30 Years of Japan-Australia Relation:
From Trading Partners to Partners of Democracy
By Yasuhisa Shiozaki,
Senior Vice Minister for Foreign Affairs, Japan
For the Fourth Japan-Australia Conference
Tokyo, 23 June 2006

The Honourable Mr. Tony Abbott, Minister for Health and Ageing,
Mr. Minoru Murofushi, Vice-Chairman of the Japan-Australia Business Cooperation Committee,
Mr. Hugh Morgan, Chairman of the Australia-Japan Business Cooperation Committee,
Distinguished guests, friends, ladies and gentlemen,

It is my greatest pleasure to welcome you for this important occasion. I am not being "diplomatic" in saying this, as I have many fond memories closely associated with Australia.
My interest in how privatisation works in airports took me to Melbourne, and then all the way to Tasmania, where my dear friend Dr. Ashton Calvert is from.
Also, I cannot help but mention the penetrating debate we had at Coolum Forum, in which I have taken part several times as a charter member.

A Tale of a Japanese Dreamer

Now to commemorate the thirtieth anniversary of the 1976 Basic Treaty of Friendship and Cooperation between Japan and Australia, permit me to start my remarks by introducing a Japanese man who may be better known in Australia than in Japan.
His name is Jo Takasuka.
Born in 1865 into a Samurai family, he was one of those ambitious Meiji Japanese who always aimed high.
In 1905 when he was 40, already an old man at that time, he set out on an adventurous trip with his wife Ichiko, and eventually set foot in Melbourne.
This courageous voyage would engender, literally, the first seed of rice in Australia.
In short, they would become the "parents" of Australian rice growers, for it was the Takasuka couple who made the first sustained attempt to grow rice in Australia, on the Murray River, near Swan Hill, which is in the north west of Victoria.

I am very much drawn into the story of this remarkable man: first because it illustrates that a single individual, a dreamer rather, can make a huge difference to a nation's subsequent development, and second and more importantly because he was from Matsuyama, Ehime, which is exactly my own constituency.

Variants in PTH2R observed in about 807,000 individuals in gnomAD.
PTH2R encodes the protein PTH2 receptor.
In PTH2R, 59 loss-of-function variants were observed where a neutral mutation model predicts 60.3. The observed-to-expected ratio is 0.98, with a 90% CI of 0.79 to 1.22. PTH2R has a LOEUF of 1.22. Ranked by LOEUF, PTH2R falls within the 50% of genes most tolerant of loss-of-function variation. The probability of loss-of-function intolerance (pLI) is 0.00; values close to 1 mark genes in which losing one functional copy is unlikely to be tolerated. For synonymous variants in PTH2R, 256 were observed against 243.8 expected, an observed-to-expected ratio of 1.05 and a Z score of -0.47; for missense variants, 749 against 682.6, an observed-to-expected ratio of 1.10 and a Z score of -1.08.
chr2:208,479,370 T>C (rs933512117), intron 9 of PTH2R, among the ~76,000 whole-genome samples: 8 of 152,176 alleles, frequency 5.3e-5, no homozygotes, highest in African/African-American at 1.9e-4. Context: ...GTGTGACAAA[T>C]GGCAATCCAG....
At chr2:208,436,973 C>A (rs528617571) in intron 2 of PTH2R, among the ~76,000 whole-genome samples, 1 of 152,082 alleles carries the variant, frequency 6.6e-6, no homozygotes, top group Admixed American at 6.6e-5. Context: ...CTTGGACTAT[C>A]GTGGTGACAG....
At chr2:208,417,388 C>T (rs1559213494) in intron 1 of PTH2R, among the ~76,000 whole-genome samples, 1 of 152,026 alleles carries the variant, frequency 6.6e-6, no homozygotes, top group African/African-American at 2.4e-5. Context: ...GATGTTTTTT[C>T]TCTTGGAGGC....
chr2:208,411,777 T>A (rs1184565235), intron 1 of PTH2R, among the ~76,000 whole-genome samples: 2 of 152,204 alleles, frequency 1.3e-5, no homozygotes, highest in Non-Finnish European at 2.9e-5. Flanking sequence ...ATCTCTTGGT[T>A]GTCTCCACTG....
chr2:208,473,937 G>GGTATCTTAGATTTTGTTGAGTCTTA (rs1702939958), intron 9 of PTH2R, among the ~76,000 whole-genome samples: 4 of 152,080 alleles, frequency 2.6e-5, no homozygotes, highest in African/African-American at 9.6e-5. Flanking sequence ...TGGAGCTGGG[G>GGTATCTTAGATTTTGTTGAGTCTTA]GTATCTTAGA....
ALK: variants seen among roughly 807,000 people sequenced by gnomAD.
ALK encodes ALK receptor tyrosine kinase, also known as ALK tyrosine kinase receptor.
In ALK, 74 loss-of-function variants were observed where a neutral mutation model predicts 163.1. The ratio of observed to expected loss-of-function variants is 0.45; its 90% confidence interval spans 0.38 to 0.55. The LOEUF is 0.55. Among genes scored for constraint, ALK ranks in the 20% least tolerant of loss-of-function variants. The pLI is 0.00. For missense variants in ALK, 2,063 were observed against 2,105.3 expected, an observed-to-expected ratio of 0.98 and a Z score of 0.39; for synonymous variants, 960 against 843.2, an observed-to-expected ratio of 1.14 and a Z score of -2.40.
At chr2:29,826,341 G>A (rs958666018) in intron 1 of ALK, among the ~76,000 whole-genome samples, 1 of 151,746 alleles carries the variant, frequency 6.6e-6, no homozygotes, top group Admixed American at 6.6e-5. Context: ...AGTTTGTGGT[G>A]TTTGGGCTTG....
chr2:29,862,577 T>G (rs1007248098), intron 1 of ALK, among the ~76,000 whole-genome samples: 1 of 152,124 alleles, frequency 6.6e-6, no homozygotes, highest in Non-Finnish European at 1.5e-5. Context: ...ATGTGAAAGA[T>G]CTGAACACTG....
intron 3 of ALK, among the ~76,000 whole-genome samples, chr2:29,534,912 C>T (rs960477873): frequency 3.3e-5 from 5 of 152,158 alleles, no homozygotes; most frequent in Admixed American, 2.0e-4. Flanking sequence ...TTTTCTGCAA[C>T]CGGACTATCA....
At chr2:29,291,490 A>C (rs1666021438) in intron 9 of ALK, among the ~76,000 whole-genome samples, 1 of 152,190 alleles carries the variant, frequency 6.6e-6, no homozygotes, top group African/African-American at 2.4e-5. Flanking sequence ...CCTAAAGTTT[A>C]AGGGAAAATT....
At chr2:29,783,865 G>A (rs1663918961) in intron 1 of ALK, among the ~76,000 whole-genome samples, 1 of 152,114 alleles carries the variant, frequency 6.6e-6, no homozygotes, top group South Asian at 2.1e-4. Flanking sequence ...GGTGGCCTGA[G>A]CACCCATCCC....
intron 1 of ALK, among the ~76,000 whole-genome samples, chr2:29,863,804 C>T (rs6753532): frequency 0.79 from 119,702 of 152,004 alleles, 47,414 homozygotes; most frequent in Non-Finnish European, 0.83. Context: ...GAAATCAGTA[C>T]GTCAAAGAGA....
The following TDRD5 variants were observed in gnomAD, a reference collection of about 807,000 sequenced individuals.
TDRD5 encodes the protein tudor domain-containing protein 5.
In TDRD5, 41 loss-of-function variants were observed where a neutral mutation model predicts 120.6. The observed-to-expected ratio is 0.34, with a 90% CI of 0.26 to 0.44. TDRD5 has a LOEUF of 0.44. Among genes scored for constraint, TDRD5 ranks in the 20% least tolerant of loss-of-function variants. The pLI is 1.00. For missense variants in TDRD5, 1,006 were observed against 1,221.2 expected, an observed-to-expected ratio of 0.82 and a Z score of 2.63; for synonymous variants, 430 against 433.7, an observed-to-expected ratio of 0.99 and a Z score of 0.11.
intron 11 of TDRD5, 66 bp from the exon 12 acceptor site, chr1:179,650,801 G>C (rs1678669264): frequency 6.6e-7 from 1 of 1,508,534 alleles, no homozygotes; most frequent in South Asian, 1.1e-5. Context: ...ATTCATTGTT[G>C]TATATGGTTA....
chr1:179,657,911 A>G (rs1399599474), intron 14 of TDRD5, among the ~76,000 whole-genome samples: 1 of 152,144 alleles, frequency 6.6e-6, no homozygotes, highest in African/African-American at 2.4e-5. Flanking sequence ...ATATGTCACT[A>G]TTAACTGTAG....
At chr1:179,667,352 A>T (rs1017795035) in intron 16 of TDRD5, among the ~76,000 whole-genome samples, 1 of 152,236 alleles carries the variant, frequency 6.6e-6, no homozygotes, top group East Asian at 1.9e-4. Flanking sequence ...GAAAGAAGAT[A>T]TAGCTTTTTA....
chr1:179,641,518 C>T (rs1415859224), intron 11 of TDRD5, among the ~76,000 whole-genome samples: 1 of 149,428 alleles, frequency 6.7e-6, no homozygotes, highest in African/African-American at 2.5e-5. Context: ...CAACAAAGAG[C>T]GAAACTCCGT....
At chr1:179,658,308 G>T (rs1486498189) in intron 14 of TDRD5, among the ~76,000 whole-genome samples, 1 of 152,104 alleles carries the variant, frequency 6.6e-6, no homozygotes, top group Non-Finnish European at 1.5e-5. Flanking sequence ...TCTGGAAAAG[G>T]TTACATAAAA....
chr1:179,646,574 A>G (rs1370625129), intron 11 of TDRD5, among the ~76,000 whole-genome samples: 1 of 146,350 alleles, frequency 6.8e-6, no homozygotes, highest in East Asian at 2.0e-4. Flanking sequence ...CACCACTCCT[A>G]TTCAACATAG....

The commonality between us does not even stop there: Jo Takasuka, before moving to Australia, spent two terms as a Lower House legislator just like me.
It is therefore gratifying to know also, that there can still be life after politics.

On Economic Ties

Thirty years ago when the Treaty came into being, Japan and Australia were already vital trading partners, and still we are so.
The bilateral trading volume has seen a staggering six-fold growth. Over the last ten years alone, Japanese direct investment into Australia has rocketed to 16 times the 1996 level.

If Japanese FDI into Australia is concentrated in the development of natural resources, so is Australian FDI into Japan.
It is the Japanese natural resource in the shape of powder snow.
Few could have foreseen that in 30 years time, there would be an Aussie village up north in Niseko, Hokkaido, linked in winter time by a direct flight connection to Australia.
I can only appreciate Messrs Morgan and Murofushi and their colleagues for were it not for their dedicated effort to enhance our economic ties, we could not have come this far.

I would like to say that Japan and Australia should continue to aim high, namely building a "strategic economic partnership".
Closer economic relation between Japan and Australia brings about benefit not only in a bilateral context but also in the context of regional integration.
Prime Ministers Junichiro Koizumi and John Howard have directed both governments to start looking deep into the way in which we can enhance our economic relations.
As a result, a joint, inter-governmental study has continued, on the feasibility of a possible Free Trade Agreement or Economic Partnership Agreement. I would like to urge my colleagues at Japan's Foreign Ministry and their counterparts in Australia to accelerate the process.
Bearing in mind that next year marks the 50th anniversary of the historic bilateral Agreement on Commerce, I strongly expect that the result of the study will pave the way for laying the foundation of our economic partnership for the next 50 years.

An Evolving Partnership

Yet during the same period of the last thirty years, an undercurrent desire to broaden the bilateral relations beyond a natural economic partnership has never lost steam, and this is my second point.